Somewhere up in the frozen Canadian north a railway construction camp is trying to make its way through some uneven terrain, including blasting a tunnel through a mountain. Dangerous work at the best of times, but the work crew are spooked by a string of bad luck that’s included individuals losing their lives. So the arrival of a new Chief Engineer, keen to make a name for himself, seems to be just what the camp needs to turn things around, but no sooner has he arrived that further problems afflict the operation.
By the time we catch up with Trent he’s in the city and being called into the office of his superior to assist with a possible missing person case. The Chief Engineer hasn’t been heard from in weeks and his wife is worried, but the biggest shock is that the woman in distress is the one Trent has been pining for since the first book: Agnes.
Not one to shrug duty, Trent accompanies her north and after many an awkward exchange they arrive at the camp in the company of Mokashi, Trent’s Native American friend. The camp appears to be deserted apart from a handful of bodies and it’s clear something isn’t quite right. Could this be an angry spirit?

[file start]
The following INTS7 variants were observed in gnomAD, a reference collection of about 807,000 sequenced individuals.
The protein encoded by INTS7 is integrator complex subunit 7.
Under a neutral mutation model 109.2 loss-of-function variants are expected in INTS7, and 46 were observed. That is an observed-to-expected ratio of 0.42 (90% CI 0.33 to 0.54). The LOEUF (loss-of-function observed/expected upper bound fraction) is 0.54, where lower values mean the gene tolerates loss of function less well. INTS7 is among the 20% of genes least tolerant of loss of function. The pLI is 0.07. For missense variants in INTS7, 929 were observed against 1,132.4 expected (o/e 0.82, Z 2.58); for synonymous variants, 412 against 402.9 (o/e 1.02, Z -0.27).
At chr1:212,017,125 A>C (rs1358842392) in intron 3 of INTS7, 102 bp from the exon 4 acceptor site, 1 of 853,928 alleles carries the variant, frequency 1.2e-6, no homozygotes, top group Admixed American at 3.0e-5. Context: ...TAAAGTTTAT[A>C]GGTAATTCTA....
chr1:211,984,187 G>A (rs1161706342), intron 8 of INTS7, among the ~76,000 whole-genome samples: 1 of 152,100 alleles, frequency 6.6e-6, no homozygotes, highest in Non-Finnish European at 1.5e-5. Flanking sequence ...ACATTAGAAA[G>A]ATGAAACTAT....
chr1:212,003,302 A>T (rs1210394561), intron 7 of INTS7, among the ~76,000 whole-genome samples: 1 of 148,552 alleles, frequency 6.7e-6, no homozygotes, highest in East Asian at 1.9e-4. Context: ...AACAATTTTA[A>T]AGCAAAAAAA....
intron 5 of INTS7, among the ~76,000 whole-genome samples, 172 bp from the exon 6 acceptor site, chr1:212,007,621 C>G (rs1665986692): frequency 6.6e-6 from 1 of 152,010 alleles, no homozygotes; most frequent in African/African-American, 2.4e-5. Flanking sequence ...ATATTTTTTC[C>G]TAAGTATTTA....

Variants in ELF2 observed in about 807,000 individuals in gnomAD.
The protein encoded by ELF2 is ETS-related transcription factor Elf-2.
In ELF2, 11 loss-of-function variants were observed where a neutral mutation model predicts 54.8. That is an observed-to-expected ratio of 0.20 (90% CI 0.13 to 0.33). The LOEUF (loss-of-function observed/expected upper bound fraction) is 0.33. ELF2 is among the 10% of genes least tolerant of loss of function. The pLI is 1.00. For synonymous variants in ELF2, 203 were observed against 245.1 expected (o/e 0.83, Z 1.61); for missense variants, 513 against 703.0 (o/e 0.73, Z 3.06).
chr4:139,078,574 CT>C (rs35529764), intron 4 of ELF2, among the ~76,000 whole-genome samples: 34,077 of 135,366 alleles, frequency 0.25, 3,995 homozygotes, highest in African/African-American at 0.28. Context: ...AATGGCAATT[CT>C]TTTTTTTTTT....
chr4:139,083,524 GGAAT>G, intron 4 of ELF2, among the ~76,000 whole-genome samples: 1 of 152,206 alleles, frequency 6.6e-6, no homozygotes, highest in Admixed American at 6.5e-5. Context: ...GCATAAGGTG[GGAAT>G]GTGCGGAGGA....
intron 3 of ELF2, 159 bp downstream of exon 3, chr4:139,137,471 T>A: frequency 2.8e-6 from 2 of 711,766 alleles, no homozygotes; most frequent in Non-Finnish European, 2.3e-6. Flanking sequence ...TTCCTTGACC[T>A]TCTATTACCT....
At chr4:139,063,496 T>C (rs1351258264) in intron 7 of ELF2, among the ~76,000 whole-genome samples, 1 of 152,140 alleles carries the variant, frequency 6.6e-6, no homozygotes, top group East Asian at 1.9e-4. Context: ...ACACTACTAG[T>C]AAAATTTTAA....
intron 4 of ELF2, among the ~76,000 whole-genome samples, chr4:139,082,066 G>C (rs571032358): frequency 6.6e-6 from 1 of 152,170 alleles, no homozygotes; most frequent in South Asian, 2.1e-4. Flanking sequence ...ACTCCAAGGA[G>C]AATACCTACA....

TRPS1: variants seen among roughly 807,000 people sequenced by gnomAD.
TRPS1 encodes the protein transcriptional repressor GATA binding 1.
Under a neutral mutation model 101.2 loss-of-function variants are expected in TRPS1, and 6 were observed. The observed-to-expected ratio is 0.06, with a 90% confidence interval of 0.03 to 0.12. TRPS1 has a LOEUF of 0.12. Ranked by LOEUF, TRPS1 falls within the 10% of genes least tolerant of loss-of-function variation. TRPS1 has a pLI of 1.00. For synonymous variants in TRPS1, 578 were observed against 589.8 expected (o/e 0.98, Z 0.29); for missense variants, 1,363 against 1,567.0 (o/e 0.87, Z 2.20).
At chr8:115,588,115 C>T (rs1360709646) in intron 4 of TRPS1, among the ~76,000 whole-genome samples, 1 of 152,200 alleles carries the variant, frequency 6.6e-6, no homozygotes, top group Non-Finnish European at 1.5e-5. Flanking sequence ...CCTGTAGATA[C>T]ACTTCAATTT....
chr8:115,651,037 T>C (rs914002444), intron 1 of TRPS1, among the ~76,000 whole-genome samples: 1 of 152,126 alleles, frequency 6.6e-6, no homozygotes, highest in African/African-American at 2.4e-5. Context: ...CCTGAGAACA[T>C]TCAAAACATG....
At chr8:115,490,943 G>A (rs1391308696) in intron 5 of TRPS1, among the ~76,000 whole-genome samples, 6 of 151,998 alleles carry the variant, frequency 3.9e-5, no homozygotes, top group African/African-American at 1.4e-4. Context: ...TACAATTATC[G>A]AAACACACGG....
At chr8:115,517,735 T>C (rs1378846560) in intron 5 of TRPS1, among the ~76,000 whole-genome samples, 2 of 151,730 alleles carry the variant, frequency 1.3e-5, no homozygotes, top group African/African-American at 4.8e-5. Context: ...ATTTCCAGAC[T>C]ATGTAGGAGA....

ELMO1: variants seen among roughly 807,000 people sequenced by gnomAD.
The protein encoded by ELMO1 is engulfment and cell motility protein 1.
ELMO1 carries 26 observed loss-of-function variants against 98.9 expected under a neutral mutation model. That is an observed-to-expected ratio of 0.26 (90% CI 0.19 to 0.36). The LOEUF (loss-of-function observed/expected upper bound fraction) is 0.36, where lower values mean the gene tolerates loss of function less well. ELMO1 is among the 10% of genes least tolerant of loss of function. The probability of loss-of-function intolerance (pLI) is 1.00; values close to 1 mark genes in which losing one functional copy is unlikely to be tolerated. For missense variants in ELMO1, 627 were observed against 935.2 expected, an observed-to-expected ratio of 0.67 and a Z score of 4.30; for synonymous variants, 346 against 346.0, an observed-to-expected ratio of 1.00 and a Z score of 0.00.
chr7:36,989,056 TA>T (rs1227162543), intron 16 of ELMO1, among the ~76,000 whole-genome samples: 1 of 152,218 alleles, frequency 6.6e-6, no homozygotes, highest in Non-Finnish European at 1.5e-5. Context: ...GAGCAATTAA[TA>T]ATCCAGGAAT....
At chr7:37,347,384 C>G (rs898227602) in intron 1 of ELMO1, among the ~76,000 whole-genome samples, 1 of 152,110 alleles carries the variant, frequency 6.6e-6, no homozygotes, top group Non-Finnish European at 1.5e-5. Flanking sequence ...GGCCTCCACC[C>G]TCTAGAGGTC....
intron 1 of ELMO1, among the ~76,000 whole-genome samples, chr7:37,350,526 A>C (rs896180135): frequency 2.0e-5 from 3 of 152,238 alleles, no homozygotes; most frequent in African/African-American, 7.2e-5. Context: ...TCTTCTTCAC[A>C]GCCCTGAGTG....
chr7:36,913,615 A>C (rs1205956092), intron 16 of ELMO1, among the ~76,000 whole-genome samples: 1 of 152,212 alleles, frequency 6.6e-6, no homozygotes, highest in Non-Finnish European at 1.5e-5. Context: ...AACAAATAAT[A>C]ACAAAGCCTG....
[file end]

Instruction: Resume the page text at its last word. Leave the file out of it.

Over the last few books Trent has presented himself as a dependable, honourable person, but he’s been clearly in anguish over his lost love, Agnes. To have his worst fears confirmed, that she’s moved on and married, still doesn’t prevent him from attempting to do the right thing, and the situation is handled well by both writer and artist. Capturing the subtler details of human facial expression is an art, and Leo does a terrific job here, not least when George Petterson is alone in his cabin with something lurking outside. All credit to Marie-Paule Alluard for colouring that excellent page too.
I’ll leave the conclusion for you to discover, but for me it brought back fond memories of The Marquis Of Anaon, one of the best series Cinebook has put out to date.
Trent is a thoughtful undertaking that delivers a satisfying tale again and again, largely because the creators are willing to delve a little deeper into what motivates us and makes us tick.
And if you liked that: Try The Marquis Of Anaon from Cinebook.